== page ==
Some families are shocked when they read the will of a deceased loved one after their passing, and it does not look at all like what they were expecting to see. It’s true that people can dispose of property however they want to in their wills. However, when the contents of a will do not seem like they came from the mind of the person who wrote it, it’s possible that the testator was unduly influenced by someone else when they wrote the will.
A will that gives a disproportionate share of the deceased’s assets to one or two family members or to someone who isn’t part of the family makes sense in some situations, but not in others. For example, a person might bequeath more of their estate to their children who provided care to them towards the end of their life while leaving less to their other children who could not or who chose not to help them. In different situations, there is no apparent reason for a disproportionate bequest, or for the exclusion of some or all of the deceased’s relatives from their will. In those situations, it’s possible that the deceased got pressured by one or more people to write their will the way that they wrote it. If it seems like this may have happened, people who are interested parties can contest the will by alleging undue influence. If a court finds that an undue influence was present when the testator made their will, the court can invalidate the will.
While undue influence is easy to define, it is hard to prove. The testator, the only person who could speak to how they felt when they wrote the will, is deceased. In the absence of that information, the parties who seek to invalidate the will bear the burden of proving that undue influence was present when the testator made their will. They can do that by providing evidence which supports a conclusion that the three components of undue influence were present when the will was made.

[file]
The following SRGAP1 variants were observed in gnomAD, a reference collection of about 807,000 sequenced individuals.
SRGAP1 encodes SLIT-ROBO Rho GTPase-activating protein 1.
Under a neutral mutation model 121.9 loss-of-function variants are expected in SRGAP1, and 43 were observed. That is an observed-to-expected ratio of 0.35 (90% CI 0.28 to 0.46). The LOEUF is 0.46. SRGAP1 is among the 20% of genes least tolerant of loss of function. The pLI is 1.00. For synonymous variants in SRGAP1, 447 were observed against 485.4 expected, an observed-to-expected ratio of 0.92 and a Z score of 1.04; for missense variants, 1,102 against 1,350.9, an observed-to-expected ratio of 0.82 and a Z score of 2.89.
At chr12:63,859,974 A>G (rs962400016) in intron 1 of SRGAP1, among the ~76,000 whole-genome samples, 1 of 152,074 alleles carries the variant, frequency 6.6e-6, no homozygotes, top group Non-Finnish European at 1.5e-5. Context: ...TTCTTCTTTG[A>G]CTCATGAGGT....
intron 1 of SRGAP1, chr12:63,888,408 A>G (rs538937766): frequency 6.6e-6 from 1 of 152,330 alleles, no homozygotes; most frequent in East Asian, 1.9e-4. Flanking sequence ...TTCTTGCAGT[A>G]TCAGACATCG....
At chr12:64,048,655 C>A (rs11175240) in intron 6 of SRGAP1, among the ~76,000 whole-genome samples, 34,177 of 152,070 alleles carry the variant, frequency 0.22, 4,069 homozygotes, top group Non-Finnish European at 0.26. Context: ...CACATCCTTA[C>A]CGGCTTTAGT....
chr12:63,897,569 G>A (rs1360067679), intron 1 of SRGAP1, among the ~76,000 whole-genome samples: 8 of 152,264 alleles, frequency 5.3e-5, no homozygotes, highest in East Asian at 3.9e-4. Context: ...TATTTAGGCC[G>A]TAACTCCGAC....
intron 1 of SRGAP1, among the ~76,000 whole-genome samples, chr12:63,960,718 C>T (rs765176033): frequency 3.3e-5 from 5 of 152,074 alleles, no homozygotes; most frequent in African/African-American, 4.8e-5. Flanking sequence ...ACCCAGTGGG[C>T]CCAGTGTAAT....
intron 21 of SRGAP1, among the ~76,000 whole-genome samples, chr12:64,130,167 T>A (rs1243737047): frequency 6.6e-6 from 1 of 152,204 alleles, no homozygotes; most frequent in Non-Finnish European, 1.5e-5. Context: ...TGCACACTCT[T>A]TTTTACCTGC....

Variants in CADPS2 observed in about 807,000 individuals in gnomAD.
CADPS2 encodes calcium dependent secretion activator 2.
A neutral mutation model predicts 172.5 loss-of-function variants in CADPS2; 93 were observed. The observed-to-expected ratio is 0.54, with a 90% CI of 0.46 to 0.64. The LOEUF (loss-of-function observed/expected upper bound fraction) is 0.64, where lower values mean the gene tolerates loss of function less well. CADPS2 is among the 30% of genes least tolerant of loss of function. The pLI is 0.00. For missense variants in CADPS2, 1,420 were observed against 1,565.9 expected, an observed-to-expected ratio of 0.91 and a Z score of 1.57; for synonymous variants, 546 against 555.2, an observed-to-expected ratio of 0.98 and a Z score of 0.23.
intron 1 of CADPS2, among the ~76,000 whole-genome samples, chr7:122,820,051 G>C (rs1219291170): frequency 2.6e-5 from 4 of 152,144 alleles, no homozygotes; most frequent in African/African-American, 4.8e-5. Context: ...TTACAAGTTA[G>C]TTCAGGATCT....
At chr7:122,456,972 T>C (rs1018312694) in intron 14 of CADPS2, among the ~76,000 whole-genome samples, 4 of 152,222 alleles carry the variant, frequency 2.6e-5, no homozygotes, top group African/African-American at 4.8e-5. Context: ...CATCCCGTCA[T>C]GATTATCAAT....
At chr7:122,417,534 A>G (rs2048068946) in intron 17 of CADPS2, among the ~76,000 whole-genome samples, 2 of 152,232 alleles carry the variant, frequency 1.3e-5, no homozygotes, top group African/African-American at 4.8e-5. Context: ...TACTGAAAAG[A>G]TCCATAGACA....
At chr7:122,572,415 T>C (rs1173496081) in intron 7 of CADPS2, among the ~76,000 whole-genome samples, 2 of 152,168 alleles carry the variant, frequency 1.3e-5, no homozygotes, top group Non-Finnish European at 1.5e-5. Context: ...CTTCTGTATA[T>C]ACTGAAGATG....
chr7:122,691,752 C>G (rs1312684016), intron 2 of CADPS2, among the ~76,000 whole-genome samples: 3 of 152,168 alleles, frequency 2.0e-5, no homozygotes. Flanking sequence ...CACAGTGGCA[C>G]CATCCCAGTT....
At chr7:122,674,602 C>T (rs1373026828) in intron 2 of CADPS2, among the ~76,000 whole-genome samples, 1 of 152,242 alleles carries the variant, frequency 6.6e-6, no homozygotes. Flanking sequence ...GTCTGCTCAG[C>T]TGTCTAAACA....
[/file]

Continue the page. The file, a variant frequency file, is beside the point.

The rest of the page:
The first element of undue influence is that the impact of one or more people’s influence on the testator was so overpowering that they were unable to exercise free will as they made their will. The second component of a successful claim of undue influence is evidence that the person or people accused of exerting the undue influence would benefit from the will as it is written more than they would have benefited otherwise. The third and final piece of a successful undue influence claim is evidence that supports a conclusion that the decedent acted in a manner that is inconsistent with how they would have acted if that influence had not been present.
If you plan to contest a will on the grounds of undue influence, review what you know to assess whether such a claim is likely to succeed. Think about whether the deceased was in a vulnerable position, such as being dependent on the care of a relative or caregiver. Ask yourself whether the testator was easily confused or forgetful around the time that they drafted their will. A third thing to consider is whether the will makes sense, given the behavior and personality of the testator during their lifetime. If you feel as though your deceased loved one made their will under undue influence, schedule an initial consultation with Wichita attorney J. Joseph Weber. Please call our office at 316-265-7802, or contact us through our website.